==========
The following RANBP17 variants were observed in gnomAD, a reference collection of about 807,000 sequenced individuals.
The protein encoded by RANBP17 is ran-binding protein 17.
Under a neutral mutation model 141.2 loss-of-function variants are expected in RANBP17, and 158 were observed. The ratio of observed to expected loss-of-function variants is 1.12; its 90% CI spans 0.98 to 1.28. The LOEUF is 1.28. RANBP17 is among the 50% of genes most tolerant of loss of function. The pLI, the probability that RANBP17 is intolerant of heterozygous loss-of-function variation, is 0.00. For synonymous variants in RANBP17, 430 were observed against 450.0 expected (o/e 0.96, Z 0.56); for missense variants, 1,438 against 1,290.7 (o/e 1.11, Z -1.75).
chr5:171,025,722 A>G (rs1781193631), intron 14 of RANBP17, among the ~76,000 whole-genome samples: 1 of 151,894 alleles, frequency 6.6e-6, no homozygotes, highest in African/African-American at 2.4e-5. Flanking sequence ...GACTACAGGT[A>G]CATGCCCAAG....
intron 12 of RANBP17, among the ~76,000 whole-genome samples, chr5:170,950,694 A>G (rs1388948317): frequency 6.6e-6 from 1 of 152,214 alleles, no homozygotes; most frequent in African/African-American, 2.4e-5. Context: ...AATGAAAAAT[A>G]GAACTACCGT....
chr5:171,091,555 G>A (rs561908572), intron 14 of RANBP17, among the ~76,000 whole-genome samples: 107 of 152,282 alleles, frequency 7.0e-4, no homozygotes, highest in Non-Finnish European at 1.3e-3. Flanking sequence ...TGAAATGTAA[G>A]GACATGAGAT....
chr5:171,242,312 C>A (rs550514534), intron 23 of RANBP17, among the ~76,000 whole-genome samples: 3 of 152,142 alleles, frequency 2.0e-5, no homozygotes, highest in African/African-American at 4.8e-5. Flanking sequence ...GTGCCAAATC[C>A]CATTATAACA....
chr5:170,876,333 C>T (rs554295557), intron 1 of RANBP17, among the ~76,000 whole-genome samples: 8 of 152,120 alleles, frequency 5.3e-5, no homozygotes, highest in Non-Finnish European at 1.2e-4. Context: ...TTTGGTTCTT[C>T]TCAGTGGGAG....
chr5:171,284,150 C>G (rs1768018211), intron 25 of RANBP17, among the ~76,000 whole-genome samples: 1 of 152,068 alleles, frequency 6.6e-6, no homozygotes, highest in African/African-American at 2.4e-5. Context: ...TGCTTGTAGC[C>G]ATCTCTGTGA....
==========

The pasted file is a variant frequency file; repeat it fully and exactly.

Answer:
The following RANBP17 variants were observed in gnomAD, a reference collection of about 807,000 sequenced individuals.
The protein encoded by RANBP17 is ran-binding protein 17.
Under a neutral mutation model 141.2 loss-of-function variants are expected in RANBP17, and 158 were observed. The ratio of observed to expected loss-of-function variants is 1.12; its 90% CI spans 0.98 to 1.28. The LOEUF is 1.28. RANBP17 is among the 50% of genes most tolerant of loss of function. The pLI, the probability that RANBP17 is intolerant of heterozygous loss-of-function variation, is 0.00. For synonymous variants in RANBP17, 430 were observed against 450.0 expected (o/e 0.96, Z 0.56); for missense variants, 1,438 against 1,290.7 (o/e 1.11, Z -1.75).
chr5:171,025,722 A>G (rs1781193631), intron 14 of RANBP17, among the ~76,000 whole-genome samples: 1 of 151,894 alleles, frequency 6.6e-6, no homozygotes, highest in African/African-American at 2.4e-5. Flanking sequence ...GACTACAGGT[A>G]CATGCCCAAG....
intron 12 of RANBP17, among the ~76,000 whole-genome samples, chr5:170,950,694 A>G (rs1388948317): frequency 6.6e-6 from 1 of 152,214 alleles, no homozygotes; most frequent in African/African-American, 2.4e-5. Context: ...AATGAAAAAT[A>G]GAACTACCGT....
chr5:171,091,555 G>A (rs561908572), intron 14 of RANBP17, among the ~76,000 whole-genome samples: 107 of 152,282 alleles, frequency 7.0e-4, no homozygotes, highest in Non-Finnish European at 1.3e-3. Flanking sequence ...TGAAATGTAA[G>A]GACATGAGAT....
chr5:171,242,312 C>A (rs550514534), intron 23 of RANBP17, among the ~76,000 whole-genome samples: 3 of 152,142 alleles, frequency 2.0e-5, no homozygotes, highest in African/African-American at 4.8e-5. Flanking sequence ...GTGCCAAATC[C>A]CATTATAACA....
chr5:170,876,333 C>T (rs554295557), intron 1 of RANBP17, among the ~76,000 whole-genome samples: 8 of 152,120 alleles, frequency 5.3e-5, no homozygotes, highest in Non-Finnish European at 1.2e-4. Context: ...TTTGGTTCTT[C>T]TCAGTGGGAG....
chr5:171,284,150 C>G (rs1768018211), intron 25 of RANBP17, among the ~76,000 whole-genome samples: 1 of 152,068 alleles, frequency 6.6e-6, no homozygotes, highest in African/African-American at 2.4e-5. Context: ...TGCTTGTAGC[C>G]ATCTCTGTGA....